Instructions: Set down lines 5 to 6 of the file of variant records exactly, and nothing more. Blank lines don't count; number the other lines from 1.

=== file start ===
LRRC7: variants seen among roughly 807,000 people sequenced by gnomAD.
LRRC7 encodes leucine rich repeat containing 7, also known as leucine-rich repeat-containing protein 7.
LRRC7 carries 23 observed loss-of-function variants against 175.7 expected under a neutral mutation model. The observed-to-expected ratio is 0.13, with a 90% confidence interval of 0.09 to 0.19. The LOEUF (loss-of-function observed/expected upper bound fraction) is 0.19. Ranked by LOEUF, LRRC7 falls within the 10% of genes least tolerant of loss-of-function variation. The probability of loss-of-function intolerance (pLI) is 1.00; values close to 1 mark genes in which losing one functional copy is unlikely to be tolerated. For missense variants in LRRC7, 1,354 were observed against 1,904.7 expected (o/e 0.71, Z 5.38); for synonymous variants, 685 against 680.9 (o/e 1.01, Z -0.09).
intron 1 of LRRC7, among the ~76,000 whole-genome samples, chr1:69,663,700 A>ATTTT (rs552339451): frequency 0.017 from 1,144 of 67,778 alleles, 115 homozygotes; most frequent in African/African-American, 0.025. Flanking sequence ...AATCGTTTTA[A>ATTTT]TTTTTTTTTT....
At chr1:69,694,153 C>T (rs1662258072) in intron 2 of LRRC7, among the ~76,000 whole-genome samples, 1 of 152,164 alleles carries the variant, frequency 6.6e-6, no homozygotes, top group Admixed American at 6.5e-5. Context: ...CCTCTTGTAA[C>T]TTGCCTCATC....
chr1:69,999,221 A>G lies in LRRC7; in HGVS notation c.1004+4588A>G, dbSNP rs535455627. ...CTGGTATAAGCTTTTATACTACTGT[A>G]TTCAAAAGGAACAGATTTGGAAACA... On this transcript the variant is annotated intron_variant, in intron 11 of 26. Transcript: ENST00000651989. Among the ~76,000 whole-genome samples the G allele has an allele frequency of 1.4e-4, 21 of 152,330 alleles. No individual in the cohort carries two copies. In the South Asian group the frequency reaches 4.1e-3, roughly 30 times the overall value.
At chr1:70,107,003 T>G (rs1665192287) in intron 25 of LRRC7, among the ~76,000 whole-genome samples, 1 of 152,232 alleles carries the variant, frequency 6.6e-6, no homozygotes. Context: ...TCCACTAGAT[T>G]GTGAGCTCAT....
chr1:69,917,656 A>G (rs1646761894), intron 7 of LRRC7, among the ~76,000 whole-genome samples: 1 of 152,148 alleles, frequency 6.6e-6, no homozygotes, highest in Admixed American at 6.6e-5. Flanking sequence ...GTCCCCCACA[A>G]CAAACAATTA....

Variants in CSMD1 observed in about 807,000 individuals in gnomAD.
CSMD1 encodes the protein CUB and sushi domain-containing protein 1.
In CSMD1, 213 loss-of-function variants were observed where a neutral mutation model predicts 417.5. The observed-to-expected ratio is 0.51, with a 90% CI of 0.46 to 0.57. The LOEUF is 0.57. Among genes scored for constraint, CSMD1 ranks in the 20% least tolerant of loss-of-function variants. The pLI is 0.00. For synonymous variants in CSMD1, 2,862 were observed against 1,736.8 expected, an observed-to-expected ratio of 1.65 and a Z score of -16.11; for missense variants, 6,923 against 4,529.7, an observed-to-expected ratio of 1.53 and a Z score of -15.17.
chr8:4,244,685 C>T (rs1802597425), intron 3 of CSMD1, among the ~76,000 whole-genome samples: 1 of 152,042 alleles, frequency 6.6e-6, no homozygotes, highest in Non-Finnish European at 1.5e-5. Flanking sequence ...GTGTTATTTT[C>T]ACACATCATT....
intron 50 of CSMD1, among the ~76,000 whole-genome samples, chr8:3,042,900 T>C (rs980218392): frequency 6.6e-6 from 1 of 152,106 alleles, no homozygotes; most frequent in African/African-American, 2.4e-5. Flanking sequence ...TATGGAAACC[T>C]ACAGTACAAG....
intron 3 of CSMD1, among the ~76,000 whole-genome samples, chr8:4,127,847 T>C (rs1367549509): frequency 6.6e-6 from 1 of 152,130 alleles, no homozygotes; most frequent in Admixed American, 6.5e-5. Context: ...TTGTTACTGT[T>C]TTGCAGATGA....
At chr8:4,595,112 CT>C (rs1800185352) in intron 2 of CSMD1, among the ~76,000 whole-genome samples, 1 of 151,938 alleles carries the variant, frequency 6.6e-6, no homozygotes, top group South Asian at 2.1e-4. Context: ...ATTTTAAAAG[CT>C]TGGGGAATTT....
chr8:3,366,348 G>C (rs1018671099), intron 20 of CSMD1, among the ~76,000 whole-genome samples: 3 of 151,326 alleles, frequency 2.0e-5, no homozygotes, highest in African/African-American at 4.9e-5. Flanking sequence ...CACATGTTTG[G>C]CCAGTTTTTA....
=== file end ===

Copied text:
At chr1:69,694,153 C>T (rs1662258072) in intron 2 of LRRC7, among the ~76,000 whole-genome samples, 1 of 152,164 alleles carries the variant, frequency 6.6e-6, no homozygotes, top group Admixed American at 6.5e-5. Context: ...CCTCTTGTAA[C>T]TTGCCTCATC....
chr1:69,999,221 A>G lies in LRRC7; in HGVS notation c.1004+4588A>G, dbSNP rs535455627. ...CTGGTATAAGCTTTTATACTACTGT[A>G]TTCAAAAGGAACAGATTTGGAAACA... On this transcript the variant is annotated intron_variant, in intron 11 of 26. Transcript: ENST00000651989. Among the ~76,000 whole-genome samples the G allele has an allele frequency of 1.4e-4, 21 of 152,330 alleles. No individual in the cohort carries two copies. In the South Asian group the frequency reaches 4.1e-3, roughly 30 times the overall value.